"Cat’s Cradle" - Kurt Vonnegut
by Michael Scheurmann
Many people may not consider “Cat’s Cradle” a travel book, but I am ready to make its case. A travel book has the location as main protagonist. So it is here: the fictitious Caribbean island nation of San Lorenzo shares many recognizable traits with “real” countries of the region: hastily cobbled-together national identity, persistence of native rituals under a veneer of westernization, and, above all, an all-pervading fatalism reflecting the local people’s insight into the ephemeral quality of truth, life and the universe. Vonnegut’s description of San Lorenzo was so vivid that the University of Chicago awarded him a PhD in anthropology for the novel, having rejected his original thesis a few years before.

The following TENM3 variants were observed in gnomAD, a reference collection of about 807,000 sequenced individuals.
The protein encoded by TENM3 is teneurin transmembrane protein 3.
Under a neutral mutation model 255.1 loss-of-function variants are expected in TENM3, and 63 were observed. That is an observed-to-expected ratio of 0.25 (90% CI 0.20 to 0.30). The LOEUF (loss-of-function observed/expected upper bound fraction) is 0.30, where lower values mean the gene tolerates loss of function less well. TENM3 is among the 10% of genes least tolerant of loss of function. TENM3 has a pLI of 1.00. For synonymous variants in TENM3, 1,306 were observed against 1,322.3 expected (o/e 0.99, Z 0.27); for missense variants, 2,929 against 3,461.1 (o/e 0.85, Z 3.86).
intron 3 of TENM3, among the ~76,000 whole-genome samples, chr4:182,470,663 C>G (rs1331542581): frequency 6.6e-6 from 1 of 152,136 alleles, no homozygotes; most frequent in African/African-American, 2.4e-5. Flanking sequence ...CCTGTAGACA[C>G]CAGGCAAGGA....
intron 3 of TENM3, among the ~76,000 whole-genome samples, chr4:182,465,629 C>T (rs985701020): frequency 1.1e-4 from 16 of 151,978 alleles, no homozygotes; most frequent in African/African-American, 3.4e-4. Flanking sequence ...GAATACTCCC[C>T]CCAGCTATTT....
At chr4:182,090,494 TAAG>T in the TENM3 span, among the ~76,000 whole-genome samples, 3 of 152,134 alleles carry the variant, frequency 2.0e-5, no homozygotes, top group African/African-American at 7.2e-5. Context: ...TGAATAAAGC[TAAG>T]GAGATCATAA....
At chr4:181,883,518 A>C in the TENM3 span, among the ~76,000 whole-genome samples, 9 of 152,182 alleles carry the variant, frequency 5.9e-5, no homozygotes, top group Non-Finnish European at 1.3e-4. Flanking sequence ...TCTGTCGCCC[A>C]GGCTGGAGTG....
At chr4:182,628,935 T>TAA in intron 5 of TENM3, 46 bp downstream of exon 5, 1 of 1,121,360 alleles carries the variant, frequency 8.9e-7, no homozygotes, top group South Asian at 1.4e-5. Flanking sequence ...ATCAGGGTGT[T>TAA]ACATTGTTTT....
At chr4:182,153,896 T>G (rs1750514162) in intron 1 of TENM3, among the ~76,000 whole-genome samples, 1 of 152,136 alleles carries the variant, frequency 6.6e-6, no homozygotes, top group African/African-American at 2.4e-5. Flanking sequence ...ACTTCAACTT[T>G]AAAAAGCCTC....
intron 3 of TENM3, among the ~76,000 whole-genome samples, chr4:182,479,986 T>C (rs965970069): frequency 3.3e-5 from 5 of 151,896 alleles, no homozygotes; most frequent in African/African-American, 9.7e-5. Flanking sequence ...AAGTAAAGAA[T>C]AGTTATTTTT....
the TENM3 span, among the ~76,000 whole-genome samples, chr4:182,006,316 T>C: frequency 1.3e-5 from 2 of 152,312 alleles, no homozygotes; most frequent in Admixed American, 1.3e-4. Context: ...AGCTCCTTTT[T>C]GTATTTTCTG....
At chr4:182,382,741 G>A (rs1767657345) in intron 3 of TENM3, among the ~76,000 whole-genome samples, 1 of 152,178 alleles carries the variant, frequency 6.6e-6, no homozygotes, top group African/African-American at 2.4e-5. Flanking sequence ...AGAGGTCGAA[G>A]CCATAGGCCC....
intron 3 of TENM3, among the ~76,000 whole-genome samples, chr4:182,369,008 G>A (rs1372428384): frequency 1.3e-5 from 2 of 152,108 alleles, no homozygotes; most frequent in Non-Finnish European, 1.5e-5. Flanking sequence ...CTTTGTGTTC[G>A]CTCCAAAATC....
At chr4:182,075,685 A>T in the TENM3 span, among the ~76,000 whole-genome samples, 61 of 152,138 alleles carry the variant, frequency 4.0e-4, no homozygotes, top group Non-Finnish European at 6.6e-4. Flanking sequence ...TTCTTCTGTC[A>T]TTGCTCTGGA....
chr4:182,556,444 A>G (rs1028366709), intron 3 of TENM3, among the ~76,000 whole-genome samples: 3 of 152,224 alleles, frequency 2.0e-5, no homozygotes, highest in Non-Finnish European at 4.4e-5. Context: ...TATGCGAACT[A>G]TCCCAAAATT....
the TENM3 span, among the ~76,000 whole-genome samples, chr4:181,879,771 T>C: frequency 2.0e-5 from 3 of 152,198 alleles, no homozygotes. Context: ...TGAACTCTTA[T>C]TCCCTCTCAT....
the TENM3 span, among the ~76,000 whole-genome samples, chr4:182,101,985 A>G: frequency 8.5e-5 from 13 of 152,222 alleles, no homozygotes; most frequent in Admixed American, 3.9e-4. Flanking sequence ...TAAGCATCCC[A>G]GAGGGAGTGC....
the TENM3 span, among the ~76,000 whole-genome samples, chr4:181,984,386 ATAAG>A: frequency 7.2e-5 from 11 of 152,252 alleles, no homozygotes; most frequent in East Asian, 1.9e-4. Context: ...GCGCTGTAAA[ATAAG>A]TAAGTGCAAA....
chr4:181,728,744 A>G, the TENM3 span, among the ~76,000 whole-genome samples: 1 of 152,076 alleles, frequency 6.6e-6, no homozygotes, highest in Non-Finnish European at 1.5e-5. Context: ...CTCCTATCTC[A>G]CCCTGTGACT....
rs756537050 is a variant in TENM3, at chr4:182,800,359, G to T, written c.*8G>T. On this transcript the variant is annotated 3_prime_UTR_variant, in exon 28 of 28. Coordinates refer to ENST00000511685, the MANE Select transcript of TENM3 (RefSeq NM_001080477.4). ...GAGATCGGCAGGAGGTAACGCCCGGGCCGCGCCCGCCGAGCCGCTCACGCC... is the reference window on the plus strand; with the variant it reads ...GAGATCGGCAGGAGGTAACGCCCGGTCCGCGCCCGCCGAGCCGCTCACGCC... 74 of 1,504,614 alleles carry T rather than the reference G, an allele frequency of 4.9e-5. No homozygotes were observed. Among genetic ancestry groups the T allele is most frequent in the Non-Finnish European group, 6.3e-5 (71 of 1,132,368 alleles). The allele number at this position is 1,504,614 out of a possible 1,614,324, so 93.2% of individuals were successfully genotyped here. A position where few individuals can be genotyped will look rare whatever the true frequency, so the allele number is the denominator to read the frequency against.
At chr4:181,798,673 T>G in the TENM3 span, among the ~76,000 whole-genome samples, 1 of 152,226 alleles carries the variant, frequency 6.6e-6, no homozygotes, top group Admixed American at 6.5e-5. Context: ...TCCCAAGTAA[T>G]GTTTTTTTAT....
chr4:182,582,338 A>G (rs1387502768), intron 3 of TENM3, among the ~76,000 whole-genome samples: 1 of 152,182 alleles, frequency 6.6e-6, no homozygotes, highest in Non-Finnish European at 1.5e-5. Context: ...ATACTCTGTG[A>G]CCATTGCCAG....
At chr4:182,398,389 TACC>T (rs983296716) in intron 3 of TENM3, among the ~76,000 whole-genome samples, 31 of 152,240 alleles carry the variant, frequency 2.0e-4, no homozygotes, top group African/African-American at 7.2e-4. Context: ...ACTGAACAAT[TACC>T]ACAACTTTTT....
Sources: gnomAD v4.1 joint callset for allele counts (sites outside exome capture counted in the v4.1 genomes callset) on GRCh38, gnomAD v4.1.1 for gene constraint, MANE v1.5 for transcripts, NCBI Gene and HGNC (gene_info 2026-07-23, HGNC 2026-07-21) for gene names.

How you interpret the quote depends on your definition of “peculiar suggestion”. I have always understood “peculiar” as anything I would never have thought of myself and “suggestion” to include recommendations and invitations from co-travelers, newspapers or sponsors.
In this form, the quote is an encouragement to prefer the untried over the familiar. Let’s be adventurous! If we are not interested in breaking out of our comfort zones, why travel at all? For the familiar, we might as well stay home and spare us the inconvenience.